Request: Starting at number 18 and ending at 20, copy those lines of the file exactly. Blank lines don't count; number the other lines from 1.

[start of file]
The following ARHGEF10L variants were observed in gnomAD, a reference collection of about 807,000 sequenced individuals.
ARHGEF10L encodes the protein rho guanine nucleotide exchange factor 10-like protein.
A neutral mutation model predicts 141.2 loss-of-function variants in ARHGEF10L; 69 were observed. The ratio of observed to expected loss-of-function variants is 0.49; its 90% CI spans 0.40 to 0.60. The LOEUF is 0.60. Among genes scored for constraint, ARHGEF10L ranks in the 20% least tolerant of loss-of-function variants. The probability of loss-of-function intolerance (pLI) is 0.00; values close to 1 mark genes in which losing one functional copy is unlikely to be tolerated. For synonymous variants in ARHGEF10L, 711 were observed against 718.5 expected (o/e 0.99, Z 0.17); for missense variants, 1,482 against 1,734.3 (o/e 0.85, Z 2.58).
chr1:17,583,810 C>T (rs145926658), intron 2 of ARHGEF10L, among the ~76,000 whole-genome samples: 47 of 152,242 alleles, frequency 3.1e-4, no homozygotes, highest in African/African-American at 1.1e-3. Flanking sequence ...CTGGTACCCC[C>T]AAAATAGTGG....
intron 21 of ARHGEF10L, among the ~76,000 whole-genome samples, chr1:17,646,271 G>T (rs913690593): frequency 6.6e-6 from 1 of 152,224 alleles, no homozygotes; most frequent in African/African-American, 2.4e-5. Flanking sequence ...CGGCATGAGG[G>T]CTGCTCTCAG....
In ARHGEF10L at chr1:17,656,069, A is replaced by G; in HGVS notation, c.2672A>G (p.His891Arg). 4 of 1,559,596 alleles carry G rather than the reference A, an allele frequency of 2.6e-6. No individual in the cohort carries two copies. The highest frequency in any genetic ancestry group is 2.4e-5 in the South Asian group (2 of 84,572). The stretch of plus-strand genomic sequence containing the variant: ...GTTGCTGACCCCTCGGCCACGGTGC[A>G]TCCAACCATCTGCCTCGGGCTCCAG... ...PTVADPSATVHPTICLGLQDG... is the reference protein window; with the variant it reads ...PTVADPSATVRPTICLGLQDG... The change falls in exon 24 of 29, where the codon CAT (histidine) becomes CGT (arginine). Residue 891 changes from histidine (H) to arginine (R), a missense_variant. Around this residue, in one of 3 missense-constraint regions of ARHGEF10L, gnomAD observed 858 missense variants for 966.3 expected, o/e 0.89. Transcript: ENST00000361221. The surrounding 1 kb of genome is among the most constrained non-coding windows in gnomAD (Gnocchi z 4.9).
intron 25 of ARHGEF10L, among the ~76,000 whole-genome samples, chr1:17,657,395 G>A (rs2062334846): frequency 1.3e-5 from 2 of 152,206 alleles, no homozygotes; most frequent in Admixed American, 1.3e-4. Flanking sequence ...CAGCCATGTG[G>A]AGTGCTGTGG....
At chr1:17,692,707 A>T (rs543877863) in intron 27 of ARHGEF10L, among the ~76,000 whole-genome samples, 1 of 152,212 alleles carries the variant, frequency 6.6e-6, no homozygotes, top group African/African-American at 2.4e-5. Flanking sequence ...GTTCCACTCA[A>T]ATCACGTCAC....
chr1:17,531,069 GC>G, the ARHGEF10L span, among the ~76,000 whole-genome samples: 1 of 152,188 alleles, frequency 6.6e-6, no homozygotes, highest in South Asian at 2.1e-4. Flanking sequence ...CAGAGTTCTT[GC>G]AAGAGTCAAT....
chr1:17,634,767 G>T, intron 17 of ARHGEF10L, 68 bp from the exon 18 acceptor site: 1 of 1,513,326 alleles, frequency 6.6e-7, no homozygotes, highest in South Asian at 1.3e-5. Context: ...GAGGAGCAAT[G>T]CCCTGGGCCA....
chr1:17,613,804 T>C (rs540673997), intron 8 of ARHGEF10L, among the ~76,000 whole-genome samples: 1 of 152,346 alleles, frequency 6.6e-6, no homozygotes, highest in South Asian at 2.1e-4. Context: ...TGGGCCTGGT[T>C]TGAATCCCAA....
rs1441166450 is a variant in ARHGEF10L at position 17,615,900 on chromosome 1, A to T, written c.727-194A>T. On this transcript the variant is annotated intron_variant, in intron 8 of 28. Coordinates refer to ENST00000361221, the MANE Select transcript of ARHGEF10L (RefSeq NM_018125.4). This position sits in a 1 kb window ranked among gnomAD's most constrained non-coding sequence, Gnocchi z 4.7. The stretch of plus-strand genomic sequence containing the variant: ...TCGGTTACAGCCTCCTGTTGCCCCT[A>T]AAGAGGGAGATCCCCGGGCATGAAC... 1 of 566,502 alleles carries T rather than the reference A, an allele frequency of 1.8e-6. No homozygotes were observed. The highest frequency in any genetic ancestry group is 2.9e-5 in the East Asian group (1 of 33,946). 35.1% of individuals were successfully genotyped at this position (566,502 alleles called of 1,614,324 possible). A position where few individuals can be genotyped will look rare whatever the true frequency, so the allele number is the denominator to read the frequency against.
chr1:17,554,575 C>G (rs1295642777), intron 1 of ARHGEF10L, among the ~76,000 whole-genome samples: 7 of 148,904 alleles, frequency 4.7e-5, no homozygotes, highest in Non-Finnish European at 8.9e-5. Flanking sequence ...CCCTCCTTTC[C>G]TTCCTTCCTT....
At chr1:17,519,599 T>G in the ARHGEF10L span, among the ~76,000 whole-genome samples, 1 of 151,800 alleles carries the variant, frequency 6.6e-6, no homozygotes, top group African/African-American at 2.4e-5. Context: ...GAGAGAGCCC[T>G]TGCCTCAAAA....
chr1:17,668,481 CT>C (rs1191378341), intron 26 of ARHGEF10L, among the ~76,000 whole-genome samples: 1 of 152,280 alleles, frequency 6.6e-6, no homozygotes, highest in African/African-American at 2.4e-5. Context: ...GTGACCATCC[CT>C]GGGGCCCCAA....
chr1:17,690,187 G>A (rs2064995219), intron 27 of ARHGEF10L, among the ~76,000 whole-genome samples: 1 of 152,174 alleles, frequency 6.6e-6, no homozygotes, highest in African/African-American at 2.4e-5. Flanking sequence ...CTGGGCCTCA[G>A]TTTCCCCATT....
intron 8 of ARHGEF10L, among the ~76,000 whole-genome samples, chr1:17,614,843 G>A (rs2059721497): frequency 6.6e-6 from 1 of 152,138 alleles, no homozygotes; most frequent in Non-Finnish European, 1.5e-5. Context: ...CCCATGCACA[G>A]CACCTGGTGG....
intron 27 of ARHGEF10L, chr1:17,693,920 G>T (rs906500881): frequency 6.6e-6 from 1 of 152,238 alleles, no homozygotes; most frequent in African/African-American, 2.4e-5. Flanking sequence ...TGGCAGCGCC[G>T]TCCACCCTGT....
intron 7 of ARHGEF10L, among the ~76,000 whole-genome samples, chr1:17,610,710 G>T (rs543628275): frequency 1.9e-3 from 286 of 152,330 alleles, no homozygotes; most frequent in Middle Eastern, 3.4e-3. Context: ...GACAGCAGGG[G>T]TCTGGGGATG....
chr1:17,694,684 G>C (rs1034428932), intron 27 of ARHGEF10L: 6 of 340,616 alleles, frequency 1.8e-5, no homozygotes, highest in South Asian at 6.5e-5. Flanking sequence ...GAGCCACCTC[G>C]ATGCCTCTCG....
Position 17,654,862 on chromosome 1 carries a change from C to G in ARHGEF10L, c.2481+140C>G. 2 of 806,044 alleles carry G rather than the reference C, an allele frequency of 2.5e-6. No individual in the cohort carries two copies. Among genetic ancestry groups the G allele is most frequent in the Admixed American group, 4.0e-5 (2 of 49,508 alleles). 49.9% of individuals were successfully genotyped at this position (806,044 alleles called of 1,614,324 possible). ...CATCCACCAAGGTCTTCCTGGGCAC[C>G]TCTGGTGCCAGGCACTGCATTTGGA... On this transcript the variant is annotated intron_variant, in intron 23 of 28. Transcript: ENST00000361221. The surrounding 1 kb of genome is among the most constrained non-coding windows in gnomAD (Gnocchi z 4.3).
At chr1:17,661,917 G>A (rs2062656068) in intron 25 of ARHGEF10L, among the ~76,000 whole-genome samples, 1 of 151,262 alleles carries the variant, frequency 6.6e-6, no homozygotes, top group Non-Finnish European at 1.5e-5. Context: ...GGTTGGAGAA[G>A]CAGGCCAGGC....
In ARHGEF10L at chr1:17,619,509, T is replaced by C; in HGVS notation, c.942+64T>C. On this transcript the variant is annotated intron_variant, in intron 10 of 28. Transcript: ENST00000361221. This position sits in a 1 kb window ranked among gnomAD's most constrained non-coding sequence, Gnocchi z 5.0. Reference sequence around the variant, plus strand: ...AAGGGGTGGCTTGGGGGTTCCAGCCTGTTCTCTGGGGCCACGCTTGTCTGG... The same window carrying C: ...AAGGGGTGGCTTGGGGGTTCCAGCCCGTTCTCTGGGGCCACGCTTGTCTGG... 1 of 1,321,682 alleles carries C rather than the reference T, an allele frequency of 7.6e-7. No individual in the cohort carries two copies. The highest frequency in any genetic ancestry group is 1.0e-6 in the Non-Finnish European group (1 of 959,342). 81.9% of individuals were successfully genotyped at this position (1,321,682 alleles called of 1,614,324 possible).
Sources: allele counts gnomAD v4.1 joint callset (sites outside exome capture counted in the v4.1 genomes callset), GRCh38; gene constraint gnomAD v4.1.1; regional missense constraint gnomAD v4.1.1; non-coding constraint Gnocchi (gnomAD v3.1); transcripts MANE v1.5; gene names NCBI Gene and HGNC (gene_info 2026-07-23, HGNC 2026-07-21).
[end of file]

intron 27 of ARHGEF10L, chr1:17,693,920 G>T (rs906500881): frequency 6.6e-6 from 1 of 152,238 alleles, no homozygotes; most frequent in African/African-American, 2.4e-5. Flanking sequence ...TGGCAGCGCC[G>T]TCCACCCTGT....
intron 7 of ARHGEF10L, among the ~76,000 whole-genome samples, chr1:17,610,710 G>T (rs543628275): frequency 1.9e-3 from 286 of 152,330 alleles, no homozygotes; most frequent in Middle Eastern, 3.4e-3. Context: ...GACAGCAGGG[G>T]TCTGGGGATG....
chr1:17,694,684 G>C (rs1034428932), intron 27 of ARHGEF10L: 6 of 340,616 alleles, frequency 1.8e-5, no homozygotes, highest in South Asian at 6.5e-5. Flanking sequence ...GAGCCACCTC[G>C]ATGCCTCTCG....